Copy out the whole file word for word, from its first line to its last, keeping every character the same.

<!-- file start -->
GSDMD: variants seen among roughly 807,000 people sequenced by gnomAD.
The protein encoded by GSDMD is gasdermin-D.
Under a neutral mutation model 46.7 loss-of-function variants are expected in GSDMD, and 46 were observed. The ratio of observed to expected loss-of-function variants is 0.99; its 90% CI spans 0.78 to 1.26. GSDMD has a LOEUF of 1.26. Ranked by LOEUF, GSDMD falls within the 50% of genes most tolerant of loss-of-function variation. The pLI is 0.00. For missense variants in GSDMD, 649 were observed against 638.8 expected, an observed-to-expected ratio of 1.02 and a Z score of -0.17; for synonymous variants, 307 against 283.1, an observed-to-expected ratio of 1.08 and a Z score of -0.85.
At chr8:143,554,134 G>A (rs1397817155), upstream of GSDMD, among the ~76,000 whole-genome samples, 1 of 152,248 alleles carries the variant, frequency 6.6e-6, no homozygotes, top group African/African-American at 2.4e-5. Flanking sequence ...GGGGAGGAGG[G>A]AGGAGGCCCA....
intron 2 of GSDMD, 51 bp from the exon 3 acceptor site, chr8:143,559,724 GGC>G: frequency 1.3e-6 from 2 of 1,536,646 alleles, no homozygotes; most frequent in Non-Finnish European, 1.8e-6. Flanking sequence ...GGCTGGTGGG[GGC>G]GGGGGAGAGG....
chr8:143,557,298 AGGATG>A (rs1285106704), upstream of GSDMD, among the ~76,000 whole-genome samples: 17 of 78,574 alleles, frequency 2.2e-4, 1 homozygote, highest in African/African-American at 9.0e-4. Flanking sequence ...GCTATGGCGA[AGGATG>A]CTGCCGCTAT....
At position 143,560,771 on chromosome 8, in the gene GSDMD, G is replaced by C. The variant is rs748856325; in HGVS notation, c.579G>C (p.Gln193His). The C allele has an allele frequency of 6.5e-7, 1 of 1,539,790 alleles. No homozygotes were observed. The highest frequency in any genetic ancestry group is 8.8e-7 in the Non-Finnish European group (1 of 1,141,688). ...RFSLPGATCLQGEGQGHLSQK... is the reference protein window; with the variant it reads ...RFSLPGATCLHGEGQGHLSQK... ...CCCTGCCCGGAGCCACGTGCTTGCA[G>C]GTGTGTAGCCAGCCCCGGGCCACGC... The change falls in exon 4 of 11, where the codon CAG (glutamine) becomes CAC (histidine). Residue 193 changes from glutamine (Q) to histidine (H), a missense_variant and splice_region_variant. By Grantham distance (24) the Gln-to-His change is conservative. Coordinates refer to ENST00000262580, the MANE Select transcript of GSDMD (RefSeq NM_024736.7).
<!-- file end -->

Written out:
GSDMD: variants seen among roughly 807,000 people sequenced by gnomAD.
The protein encoded by GSDMD is gasdermin-D.
Under a neutral mutation model 46.7 loss-of-function variants are expected in GSDMD, and 46 were observed. The ratio of observed to expected loss-of-function variants is 0.99; its 90% CI spans 0.78 to 1.26. GSDMD has a LOEUF of 1.26. Ranked by LOEUF, GSDMD falls within the 50% of genes most tolerant of loss-of-function variation. The pLI is 0.00. For missense variants in GSDMD, 649 were observed against 638.8 expected, an observed-to-expected ratio of 1.02 and a Z score of -0.17; for synonymous variants, 307 against 283.1, an observed-to-expected ratio of 1.08 and a Z score of -0.85.
At chr8:143,554,134 G>A (rs1397817155), upstream of GSDMD, among the ~76,000 whole-genome samples, 1 of 152,248 alleles carries the variant, frequency 6.6e-6, no homozygotes, top group African/African-American at 2.4e-5. Flanking sequence ...GGGGAGGAGG[G>A]AGGAGGCCCA....
intron 2 of GSDMD, 51 bp from the exon 3 acceptor site, chr8:143,559,724 GGC>G: frequency 1.3e-6 from 2 of 1,536,646 alleles, no homozygotes; most frequent in Non-Finnish European, 1.8e-6. Flanking sequence ...GGCTGGTGGG[GGC>G]GGGGGAGAGG....
chr8:143,557,298 AGGATG>A (rs1285106704), upstream of GSDMD, among the ~76,000 whole-genome samples: 17 of 78,574 alleles, frequency 2.2e-4, 1 homozygote, highest in African/African-American at 9.0e-4. Flanking sequence ...GCTATGGCGA[AGGATG>A]CTGCCGCTAT....
At position 143,560,771 on chromosome 8, in the gene GSDMD, G is replaced by C. The variant is rs748856325; in HGVS notation, c.579G>C (p.Gln193His). The C allele has an allele frequency of 6.5e-7, 1 of 1,539,790 alleles. No homozygotes were observed. The highest frequency in any genetic ancestry group is 8.8e-7 in the Non-Finnish European group (1 of 1,141,688). ...RFSLPGATCLQGEGQGHLSQK... is the reference protein window; with the variant it reads ...RFSLPGATCLHGEGQGHLSQK... ...CCCTGCCCGGAGCCACGTGCTTGCA[G>C]GTGTGTAGCCAGCCCCGGGCCACGC... The change falls in exon 4 of 11, where the codon CAG (glutamine) becomes CAC (histidine). Residue 193 changes from glutamine (Q) to histidine (H), a missense_variant and splice_region_variant. By Grantham distance (24) the Gln-to-His change is conservative. Coordinates refer to ENST00000262580, the MANE Select transcript of GSDMD (RefSeq NM_024736.7).